1990 Written by David Mitchell
Directed by Damian Lee
The second film in the Dean Cameron Triple Feature Midnites for Maniacs show was Ski School (after Summer School), one of two flicks I had no experience with before the night began. This was Jesse Hawthorne Ficks’ favorite movie growing up, and the showing was his birthday bash. I was only vaguely aware of the film going in, thinking it was just another Police Academy style film that they must not have had a copy of at the video store I used growing up.
The film apes part of Summer School‘s character dynamic, though instead of Dean Cameron’s character having Dave Frazier(Gary Riley) to work off of, Cameron is paired up with Stuart Fratkin as his partner in crime. Fratkin and Cameron would again be paired in the tv series They Came From Outer Space, though Fratkin was noticeably not in Ski School 2, a movie that seemingly could only afford Dean Cameron. Ski School is a classic snobs vs slobs scenario mixed into the Academy format the Police Academy movies help popularized while also showcasing some great 90s extreme sports events. In addition to the skiing, thanks to it being the 90s, ever character is constantly wearing neon, especially neon tracksuits and ski outfits. They even work it into the party scenes by using a blacklight to make the partygoers all glow.
Basically, Dave Marshak (Dean Cameron) and his squad of party hounds run the disrespectful part of the ski school located in Building 8 (painted sideways like infinity.) They’re opposed by Reid Janssens (Mark Thomas Miller), a classic movie jerkass who demands perfection and hates the slobs, to the point where he is conspiring with the ski school’s owners to sell the place, at which point he’ll get a promotion. Not exactly the best evil plan, but it is evil and it is a plan that interferes with their partying lifestyle, so Marshak and his friends must save the day. Marshak is joined by his best bud Fitz Fitzgerald (Stuart Fratkin) and fellow party man Ed Young (Patrick Labyorteaux, who was also in Summer School), as well as hot new recruit John Roland (Tom Breznahan), who is an awesome skier but not from the rich, established skier areas, thus earning Janssens’ ire and getting shipped of to section 8. Continue reading →
1987 Screenplay by Jeff Franklin
Story by Jeff Franklin, Stuart Birnbaum, and David Dashev
Directed by Carl Reiner
At one point Summer School was a cable staple, but I first saw it as a lad probably in ’88 or ’89 during a Showtime free preview weekend on cable. You see, we had HBO and Cinemax, but not Showtime, which meant there was a huge chunk of films that we didn’t have the pleasure of watching a billion times. Summer School was one of those, but it was also popular enough it was used to entice people to sign up for Showtime, which we never did, but we did watch their free films. After that, I managed to miss it the hundreds of other times it played on the TBS/TNT/USA channels, until 27 years later when it was screened in an theater again.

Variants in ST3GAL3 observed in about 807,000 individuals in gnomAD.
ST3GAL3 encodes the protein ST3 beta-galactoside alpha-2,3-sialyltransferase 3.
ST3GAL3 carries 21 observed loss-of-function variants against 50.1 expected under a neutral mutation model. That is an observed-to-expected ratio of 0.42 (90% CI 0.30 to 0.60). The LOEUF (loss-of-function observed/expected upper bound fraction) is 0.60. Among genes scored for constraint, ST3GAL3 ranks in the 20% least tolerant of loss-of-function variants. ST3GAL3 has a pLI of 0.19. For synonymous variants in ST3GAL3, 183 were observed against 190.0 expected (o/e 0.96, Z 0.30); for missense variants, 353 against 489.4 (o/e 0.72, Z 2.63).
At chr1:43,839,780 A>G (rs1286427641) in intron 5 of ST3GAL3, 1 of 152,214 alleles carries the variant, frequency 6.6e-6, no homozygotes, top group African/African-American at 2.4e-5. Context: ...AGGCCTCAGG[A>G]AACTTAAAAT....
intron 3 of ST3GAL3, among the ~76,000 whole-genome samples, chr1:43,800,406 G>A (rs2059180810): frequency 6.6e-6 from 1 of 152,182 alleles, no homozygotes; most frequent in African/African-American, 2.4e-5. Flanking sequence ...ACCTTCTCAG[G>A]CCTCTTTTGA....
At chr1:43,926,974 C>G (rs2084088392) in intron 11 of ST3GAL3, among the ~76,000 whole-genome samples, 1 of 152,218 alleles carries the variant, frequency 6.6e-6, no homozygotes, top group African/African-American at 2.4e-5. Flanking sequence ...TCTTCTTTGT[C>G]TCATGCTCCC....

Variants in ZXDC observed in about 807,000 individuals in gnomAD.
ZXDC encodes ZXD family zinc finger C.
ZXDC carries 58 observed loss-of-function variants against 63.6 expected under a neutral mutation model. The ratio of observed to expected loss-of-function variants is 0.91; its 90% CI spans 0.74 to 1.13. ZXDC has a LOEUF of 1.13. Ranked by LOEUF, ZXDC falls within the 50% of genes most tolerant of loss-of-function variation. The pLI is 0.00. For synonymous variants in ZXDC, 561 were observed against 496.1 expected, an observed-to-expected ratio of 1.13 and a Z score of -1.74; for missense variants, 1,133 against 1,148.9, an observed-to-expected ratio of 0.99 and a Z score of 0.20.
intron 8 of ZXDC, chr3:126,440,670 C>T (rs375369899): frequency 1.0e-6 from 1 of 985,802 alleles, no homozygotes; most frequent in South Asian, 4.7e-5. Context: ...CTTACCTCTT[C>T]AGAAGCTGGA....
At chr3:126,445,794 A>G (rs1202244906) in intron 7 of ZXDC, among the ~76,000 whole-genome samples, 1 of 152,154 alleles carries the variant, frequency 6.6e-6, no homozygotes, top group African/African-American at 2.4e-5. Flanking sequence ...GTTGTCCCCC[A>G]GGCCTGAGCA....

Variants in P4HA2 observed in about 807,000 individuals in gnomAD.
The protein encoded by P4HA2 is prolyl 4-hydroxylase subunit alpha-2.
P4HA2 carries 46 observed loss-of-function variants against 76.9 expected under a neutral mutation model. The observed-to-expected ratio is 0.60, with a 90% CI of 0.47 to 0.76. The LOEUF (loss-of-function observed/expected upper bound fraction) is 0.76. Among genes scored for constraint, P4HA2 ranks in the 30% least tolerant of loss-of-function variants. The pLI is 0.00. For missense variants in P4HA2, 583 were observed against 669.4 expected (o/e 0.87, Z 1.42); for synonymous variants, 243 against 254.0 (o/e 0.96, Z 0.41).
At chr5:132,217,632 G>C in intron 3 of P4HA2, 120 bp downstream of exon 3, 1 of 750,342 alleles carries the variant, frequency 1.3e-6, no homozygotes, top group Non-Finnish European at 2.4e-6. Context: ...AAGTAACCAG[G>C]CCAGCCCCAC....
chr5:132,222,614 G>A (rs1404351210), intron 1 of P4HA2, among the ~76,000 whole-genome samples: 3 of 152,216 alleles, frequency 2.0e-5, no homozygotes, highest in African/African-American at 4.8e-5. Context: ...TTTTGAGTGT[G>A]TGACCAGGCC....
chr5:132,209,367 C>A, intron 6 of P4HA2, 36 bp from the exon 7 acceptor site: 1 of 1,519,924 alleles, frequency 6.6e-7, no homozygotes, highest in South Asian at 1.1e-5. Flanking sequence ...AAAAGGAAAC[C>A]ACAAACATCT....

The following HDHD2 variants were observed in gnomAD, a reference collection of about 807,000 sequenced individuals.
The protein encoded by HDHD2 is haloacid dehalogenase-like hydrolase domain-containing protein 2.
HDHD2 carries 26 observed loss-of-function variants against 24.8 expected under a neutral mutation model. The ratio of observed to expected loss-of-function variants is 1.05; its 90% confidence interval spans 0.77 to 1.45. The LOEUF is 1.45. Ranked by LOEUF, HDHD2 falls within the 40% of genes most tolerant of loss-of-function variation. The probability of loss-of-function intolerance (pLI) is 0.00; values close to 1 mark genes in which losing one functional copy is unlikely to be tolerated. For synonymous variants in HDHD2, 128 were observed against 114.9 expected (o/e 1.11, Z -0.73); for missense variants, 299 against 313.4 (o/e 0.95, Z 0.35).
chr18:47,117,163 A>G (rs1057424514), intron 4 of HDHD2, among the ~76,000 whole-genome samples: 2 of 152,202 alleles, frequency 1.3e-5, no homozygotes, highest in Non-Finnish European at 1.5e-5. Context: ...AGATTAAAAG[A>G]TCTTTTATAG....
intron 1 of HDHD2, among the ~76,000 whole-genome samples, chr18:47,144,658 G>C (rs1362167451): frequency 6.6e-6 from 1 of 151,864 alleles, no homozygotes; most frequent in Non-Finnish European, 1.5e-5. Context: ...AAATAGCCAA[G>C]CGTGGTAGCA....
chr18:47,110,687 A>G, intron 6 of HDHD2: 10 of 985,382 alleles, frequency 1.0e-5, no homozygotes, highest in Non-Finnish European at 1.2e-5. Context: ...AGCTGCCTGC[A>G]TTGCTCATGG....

Summer School was actually part of a Dean Cameron triple-feature that also saw Ski School and Rockula played at a Midnites for Maniacs event at the San Francisco New Mission Theater. Not only was there three Dean Cameron movies playing, but Dean Cameron himself was there to regale us with a few tales of his career and filming these pictures. Summer School is both an artifact of the time and a harbinger of the future where school testing has become controversial. The kids here being unmotivated high school students who failed a required basic skills test they need to graduate and their teacher. Freddy Shoop is the gym teacher more interested in having fun and summer vacation than teaching, but he’s roped into the summer school gig because he’s up for tenure. His girlfriend goes off to Hawaii without him, and Mr. Shoop now has a room full of rambunctious kids and no desire to be a responsible adult. It’s fun seeing Marc Harmon as the beach bum teacher when he’s now best known for headlining NCIS for a bajillion years, especially since he fills the fun-having teacher role so easily.
No good 80s film is without a stuffed shirt villain, and the vice-principal Phil Gills (Robin Thomas) fills that role nicely, being a constant thorn in Shoop’s side while also dating his love interest, Robin (Kirstie Alley). He is satisfyingly slimy and provides a great foil for the hero and students while putting in a good, cheesy performance that only rarely slips into cartoonish territory. Continue reading →